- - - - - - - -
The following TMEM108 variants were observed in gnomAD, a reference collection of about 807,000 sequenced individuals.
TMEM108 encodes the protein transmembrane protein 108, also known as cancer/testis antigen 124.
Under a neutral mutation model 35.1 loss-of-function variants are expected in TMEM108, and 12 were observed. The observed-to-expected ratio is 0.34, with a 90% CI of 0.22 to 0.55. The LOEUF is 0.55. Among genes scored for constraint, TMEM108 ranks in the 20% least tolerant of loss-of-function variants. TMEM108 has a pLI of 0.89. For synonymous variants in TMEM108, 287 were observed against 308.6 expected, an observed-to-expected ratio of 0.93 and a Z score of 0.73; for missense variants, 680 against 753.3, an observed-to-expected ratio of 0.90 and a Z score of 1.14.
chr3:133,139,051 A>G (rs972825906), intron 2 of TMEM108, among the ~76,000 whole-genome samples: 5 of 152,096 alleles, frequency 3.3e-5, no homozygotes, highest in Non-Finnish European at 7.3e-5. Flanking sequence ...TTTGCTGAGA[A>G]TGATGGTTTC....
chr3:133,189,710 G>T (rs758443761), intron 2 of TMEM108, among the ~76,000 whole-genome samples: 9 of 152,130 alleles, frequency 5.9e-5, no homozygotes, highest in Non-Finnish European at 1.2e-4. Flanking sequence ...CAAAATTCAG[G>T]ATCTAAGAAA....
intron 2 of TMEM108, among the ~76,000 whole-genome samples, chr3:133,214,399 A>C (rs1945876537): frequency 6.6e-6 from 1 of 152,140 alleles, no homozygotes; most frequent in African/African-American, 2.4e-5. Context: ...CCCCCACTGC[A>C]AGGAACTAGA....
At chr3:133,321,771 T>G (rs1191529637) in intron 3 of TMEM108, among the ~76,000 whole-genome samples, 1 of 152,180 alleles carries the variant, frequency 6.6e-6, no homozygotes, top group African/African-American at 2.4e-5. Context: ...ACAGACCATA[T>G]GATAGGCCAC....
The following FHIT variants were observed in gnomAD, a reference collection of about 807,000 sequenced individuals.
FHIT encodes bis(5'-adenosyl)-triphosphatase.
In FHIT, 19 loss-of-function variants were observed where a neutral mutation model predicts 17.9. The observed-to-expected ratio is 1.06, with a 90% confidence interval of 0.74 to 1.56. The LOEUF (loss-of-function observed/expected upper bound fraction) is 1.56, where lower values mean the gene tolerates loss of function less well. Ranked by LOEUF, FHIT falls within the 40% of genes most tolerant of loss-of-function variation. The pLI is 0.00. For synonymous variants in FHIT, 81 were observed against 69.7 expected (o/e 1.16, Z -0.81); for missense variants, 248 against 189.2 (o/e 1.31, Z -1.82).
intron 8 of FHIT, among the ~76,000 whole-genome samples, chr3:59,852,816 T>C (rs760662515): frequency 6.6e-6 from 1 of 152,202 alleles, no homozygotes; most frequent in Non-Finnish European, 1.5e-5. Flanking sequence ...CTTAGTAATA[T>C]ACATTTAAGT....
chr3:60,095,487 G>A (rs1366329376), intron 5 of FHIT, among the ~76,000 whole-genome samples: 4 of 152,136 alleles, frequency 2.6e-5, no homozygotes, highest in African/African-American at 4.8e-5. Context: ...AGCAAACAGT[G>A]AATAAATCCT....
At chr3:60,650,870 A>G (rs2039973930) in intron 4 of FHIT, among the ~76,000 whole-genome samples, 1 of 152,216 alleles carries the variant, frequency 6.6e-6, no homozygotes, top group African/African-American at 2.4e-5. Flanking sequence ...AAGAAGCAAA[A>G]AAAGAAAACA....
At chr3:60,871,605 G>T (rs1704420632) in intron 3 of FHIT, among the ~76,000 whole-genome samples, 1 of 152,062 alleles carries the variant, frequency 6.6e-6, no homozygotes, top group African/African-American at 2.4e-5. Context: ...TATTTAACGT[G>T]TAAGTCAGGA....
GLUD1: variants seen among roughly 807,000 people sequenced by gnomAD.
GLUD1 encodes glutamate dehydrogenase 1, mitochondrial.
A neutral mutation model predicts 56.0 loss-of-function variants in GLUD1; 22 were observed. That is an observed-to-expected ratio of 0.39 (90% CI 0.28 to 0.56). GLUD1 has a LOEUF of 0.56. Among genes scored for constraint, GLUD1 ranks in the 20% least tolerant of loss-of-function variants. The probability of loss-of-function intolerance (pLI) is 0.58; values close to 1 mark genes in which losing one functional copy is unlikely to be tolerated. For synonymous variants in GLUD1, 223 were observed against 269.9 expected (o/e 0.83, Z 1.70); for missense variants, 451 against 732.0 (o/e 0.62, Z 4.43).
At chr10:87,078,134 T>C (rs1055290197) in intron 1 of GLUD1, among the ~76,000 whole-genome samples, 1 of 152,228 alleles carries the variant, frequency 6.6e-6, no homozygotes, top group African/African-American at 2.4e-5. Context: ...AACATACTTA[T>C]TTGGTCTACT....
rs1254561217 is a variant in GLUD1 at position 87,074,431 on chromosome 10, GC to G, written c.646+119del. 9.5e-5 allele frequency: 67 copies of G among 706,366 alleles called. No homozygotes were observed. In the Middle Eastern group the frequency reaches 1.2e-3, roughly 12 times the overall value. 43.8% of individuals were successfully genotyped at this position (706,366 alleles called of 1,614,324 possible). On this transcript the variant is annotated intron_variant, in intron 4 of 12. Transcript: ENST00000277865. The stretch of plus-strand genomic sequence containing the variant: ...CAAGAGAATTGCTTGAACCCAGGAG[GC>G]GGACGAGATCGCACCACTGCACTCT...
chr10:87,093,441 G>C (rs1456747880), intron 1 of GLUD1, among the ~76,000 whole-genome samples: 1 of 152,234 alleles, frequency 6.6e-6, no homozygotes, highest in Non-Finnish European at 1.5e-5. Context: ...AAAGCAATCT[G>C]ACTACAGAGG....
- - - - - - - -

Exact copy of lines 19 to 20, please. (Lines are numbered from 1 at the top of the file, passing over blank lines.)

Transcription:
rs1254561217 is a variant in GLUD1 at position 87,074,431 on chromosome 10, GC to G, written c.646+119del. 9.5e-5 allele frequency: 67 copies of G among 706,366 alleles called. No homozygotes were observed. In the Middle Eastern group the frequency reaches 1.2e-3, roughly 12 times the overall value. 43.8% of individuals were successfully genotyped at this position (706,366 alleles called of 1,614,324 possible). On this transcript the variant is annotated intron_variant, in intron 4 of 12. Transcript: ENST00000277865. The stretch of plus-strand genomic sequence containing the variant: ...CAAGAGAATTGCTTGAACCCAGGAG[GC>G]GGACGAGATCGCACCACTGCACTCT...
chr10:87,093,441 G>C (rs1456747880), intron 1 of GLUD1, among the ~76,000 whole-genome samples: 1 of 152,234 alleles, frequency 6.6e-6, no homozygotes, highest in Non-Finnish European at 1.5e-5. Context: ...AAAGCAATCT[G>C]ACTACAGAGG....